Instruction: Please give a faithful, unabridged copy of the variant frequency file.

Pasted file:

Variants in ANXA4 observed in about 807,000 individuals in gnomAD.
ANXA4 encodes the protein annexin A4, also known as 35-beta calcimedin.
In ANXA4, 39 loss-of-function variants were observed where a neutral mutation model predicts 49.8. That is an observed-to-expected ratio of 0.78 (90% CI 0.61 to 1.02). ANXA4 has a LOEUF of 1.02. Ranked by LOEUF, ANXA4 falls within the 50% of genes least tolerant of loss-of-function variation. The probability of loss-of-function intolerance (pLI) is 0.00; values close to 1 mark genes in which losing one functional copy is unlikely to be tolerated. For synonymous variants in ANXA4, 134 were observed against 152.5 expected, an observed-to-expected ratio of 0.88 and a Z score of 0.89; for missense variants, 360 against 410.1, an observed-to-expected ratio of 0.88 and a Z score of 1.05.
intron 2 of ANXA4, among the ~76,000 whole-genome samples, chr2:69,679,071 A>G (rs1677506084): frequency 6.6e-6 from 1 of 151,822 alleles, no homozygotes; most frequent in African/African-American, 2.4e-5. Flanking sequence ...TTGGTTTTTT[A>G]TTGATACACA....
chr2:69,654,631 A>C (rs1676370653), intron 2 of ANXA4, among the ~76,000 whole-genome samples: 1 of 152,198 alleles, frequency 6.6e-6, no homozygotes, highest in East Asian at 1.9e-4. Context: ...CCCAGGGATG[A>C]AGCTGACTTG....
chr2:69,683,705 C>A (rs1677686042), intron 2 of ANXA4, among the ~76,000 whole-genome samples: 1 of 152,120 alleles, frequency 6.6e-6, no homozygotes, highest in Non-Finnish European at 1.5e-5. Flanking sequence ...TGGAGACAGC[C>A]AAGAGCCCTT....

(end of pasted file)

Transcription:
Variants in ANXA4 observed in about 807,000 individuals in gnomAD.
ANXA4 encodes the protein annexin A4, also known as 35-beta calcimedin.
In ANXA4, 39 loss-of-function variants were observed where a neutral mutation model predicts 49.8. That is an observed-to-expected ratio of 0.78 (90% CI 0.61 to 1.02). ANXA4 has a LOEUF of 1.02. Ranked by LOEUF, ANXA4 falls within the 50% of genes least tolerant of loss-of-function variation. The probability of loss-of-function intolerance (pLI) is 0.00; values close to 1 mark genes in which losing one functional copy is unlikely to be tolerated. For synonymous variants in ANXA4, 134 were observed against 152.5 expected, an observed-to-expected ratio of 0.88 and a Z score of 0.89; for missense variants, 360 against 410.1, an observed-to-expected ratio of 0.88 and a Z score of 1.05.
intron 2 of ANXA4, among the ~76,000 whole-genome samples, chr2:69,679,071 A>G (rs1677506084): frequency 6.6e-6 from 1 of 151,822 alleles, no homozygotes; most frequent in African/African-American, 2.4e-5. Flanking sequence ...TTGGTTTTTT[A>G]TTGATACACA....
chr2:69,654,631 A>C (rs1676370653), intron 2 of ANXA4, among the ~76,000 whole-genome samples: 1 of 152,198 alleles, frequency 6.6e-6, no homozygotes, highest in East Asian at 1.9e-4. Context: ...CCCAGGGATG[A>C]AGCTGACTTG....
chr2:69,683,705 C>A (rs1677686042), intron 2 of ANXA4, among the ~76,000 whole-genome samples: 1 of 152,120 alleles, frequency 6.6e-6, no homozygotes, highest in Non-Finnish European at 1.5e-5. Flanking sequence ...TGGAGACAGC[C>A]AAGAGCCCTT....